California Proposition 117, Habitat Conservation Fund (1990)

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California Proposition 117 was on the June 5, 1990 ballot in California as an initiated state statute, where it was approved.

Proposition 117 created a Habitat Conservation Fund (HCF) and guaranteed it funding of $30 million a year for 30 years (through 2020). The funding was to be used to "acquire, enhance, or restore" specified types of lands for wildlife or open space.

In 1996, a vote was held on Proposition 197 to repeal Proposition 117's designation of mountain lions as a specially protected species. With respect to mountain lions, Proposition 117 prohibited the taking of mountain lions "unless for protection of life, livestock or other property." Proposition 197 was unsuccessful.

Election results

Proposition 117
Approveda Yes 2,572,470 52.42%

Daniel Richards incident

In 2012, Daniel W. Richards, president of the California Fish and Game Commission, was photographed holding a dead mountain lion he shot in northern Idaho. The photograph was published online on the website of Western Outdoor News. This led to calls for his resignation. Wayne Pacelle, a leader of the Humane Society of the United States, was one of those calling for the resignation. Pacelle said that although killing mountain lions in Idaho is not illegal, it is illegal in California, due to Proposition 117. Pacelle said, "It's not illegal. But he's thumbed his nose at the people of California. He's supposed to be representing the interests of all California citizens. It seems like such a tone-deaf action."[1]

State assemblyman Jared Huffman said that he might introduce a resolution in the California State Legislature to remove Richards from the state's Fish and Game Commission. Hufffman said, "He's thumbing his nose at California law. He's mocking it. Frankly, I think he should face the music and step down. He's done something that's a disgrace to his position and to responsible hunters in California."[1]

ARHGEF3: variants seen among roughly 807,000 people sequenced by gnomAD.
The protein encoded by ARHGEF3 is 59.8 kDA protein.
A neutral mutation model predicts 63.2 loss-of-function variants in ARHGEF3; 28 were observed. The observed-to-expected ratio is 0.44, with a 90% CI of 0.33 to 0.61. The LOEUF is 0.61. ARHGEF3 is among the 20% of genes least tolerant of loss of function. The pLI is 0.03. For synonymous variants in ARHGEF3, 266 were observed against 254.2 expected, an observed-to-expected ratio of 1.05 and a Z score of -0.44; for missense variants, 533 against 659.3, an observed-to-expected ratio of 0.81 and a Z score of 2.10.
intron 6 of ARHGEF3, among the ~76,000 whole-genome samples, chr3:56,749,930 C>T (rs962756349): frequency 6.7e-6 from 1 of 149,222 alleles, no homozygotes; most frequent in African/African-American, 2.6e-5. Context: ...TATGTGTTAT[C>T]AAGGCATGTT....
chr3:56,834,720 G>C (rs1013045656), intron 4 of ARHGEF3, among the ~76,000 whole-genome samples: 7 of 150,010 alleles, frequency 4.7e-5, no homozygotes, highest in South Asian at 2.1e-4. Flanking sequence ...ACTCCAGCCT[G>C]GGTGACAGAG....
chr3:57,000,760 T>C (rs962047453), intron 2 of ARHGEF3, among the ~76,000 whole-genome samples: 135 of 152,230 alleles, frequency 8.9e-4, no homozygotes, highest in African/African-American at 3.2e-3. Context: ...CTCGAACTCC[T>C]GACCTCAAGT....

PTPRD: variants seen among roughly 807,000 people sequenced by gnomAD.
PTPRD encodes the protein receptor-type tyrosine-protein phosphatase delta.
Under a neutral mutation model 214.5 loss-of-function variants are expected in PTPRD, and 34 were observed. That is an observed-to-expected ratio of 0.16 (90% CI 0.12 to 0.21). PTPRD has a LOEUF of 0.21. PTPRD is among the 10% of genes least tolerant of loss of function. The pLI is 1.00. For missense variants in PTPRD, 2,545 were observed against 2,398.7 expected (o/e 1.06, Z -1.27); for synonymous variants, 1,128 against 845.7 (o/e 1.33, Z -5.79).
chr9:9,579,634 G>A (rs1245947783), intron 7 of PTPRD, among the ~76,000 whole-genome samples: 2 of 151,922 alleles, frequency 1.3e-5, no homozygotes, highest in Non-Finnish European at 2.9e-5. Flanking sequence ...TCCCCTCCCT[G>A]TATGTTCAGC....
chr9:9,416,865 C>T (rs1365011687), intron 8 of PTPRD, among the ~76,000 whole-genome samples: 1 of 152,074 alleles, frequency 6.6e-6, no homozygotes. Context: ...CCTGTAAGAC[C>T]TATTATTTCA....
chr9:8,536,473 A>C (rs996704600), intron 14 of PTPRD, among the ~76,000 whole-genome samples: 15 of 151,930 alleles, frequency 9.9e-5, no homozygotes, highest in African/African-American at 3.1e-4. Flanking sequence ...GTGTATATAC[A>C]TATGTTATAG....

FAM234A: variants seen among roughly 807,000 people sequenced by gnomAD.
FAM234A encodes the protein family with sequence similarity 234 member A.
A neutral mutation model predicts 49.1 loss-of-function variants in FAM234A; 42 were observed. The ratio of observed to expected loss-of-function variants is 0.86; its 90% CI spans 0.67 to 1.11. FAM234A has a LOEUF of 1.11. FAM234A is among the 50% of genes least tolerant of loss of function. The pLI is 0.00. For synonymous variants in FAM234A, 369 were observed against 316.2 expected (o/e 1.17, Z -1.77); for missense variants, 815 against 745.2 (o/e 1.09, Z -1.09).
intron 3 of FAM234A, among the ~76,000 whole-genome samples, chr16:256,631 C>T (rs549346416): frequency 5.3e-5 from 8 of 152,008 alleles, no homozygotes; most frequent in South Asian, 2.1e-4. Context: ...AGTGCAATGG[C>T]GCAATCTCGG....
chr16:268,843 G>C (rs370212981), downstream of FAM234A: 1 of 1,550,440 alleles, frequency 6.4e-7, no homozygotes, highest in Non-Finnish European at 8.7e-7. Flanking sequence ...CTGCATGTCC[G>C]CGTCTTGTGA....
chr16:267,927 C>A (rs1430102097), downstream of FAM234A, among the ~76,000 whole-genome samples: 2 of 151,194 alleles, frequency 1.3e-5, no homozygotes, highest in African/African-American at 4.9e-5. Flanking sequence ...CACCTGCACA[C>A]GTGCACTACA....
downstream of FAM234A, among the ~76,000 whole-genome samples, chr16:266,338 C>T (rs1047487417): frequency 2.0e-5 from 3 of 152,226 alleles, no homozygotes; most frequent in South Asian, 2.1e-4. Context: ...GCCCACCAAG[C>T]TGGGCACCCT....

Text of measure


Wildlife Protection. Initiative Statute.


"Establishes Habitat Conservation Fund. Transfers $30 million to Fund annually from existing environmental funds and General Fund. Monies from Fund appropriated to Wildlife Conservation Board; Coastal, Tahoe, Santa Monica Mountains Conservancies; state and local parks programs. Funds to be used principally for acquisition of deer and mountain lion habitat; rare and endangered species habitat. Remaining funding for wetlands; riparian and aquatic habitat; open space; other environmental purposes. Prohibits taking of mountain lions unless for protection of life, livestock or other property. Permit for taking required, but prohibits use of poison, leg-hold or metal-jawed traps and snares."

Fiscal impact

The fiscal estimate provided by the California Legislative Analyst's Office said:

"The $30 million in annual HCF funding would come from the following sources:
  1. 10 percent of the funds in the Proposition 99 "unallocated account."
  2. The remainder from the state's General Fund, less any amounts the Legislature may transfer from other existing environmental funds.
We estimate that for 1990-91 these amounts would be $18 million from the unallocated account and $12 million from the General Fund, unless other transfers are made.
In subsequent years, the share of funds from the General Fund (or other environmental funds) may be higher because there will be less revenues in the unallocated account as the sale of cigarettes and tobacco products decline.
Ongoing costs to manage these properties would not come from the HCF, but would be supported by other state funds. These costs could exceed $1 million annually."

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